It is this blind pursuit of material things without application of reason that is intriguing. Further than that I think the genre has gained popularity due to its theme of survival in it’s most raw and basic sense. It’s the theme of hunting, of going back to basics, back to the wild, to the brutal and unembellished skill of taking care of yourself without all the unnecessary things that we now pursue that appeals. It is also interesting that this theme first appeared in the genre in the late seventies, just before the ‘greed is good’ capitalist eighties. However, it is an unrest that has reared it’s head in horrific pop culture manifestations ever since, with the publication of books like Bret Easton Ellis’ American Psycho portraying the same loss of direction and retreat to violence in order to feel something real and visceral.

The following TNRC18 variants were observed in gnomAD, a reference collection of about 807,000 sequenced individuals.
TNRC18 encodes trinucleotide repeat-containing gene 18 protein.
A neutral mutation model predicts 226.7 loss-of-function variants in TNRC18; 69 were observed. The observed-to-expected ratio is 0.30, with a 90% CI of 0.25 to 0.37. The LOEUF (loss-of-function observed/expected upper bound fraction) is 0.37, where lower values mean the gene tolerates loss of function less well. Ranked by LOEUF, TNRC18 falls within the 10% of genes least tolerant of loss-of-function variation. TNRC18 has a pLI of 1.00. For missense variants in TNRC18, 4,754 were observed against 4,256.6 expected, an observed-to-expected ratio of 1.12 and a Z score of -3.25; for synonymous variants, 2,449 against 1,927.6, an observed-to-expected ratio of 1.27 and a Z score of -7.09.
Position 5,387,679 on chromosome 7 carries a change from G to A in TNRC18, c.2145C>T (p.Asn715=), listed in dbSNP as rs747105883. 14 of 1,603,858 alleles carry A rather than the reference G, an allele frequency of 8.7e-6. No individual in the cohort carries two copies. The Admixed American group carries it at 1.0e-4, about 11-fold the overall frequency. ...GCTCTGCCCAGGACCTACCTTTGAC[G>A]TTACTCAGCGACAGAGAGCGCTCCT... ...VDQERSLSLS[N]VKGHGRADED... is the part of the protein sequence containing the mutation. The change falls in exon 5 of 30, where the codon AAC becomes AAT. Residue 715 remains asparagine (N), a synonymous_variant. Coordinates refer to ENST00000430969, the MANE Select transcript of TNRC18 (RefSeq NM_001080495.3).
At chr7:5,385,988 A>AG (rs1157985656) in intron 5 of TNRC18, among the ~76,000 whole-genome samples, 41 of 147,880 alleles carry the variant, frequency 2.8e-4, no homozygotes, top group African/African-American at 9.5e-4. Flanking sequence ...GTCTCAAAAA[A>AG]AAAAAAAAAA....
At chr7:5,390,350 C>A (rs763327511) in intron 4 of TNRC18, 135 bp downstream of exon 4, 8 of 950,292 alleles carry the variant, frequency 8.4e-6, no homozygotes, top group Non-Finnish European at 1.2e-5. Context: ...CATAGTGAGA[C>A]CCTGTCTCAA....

As we become increasingly removed from nature and buried in city life, and as new technology distances us from reality and throws us into the virtual, zombies represent something animal and a return to our roots.

In a horribly escapist, simplistic and brutal way of course.

Whether or not fans would want the situations we love so much on screen to occur in reality, (let alone whether we could actually survive them, softened as we are) it’s a way to use the neglected part of our psyche that wonders what would happen if zombies really were.

The genre also addresses a loss of traditional ‘masculinity’. I say this for lack of a better word, as I am a woman, and feel the same way. What I mean is a lack of hands on, necessary pursuits, a lack of having to fight for your survival and fend for yourself. A disconnect from nature and necessity.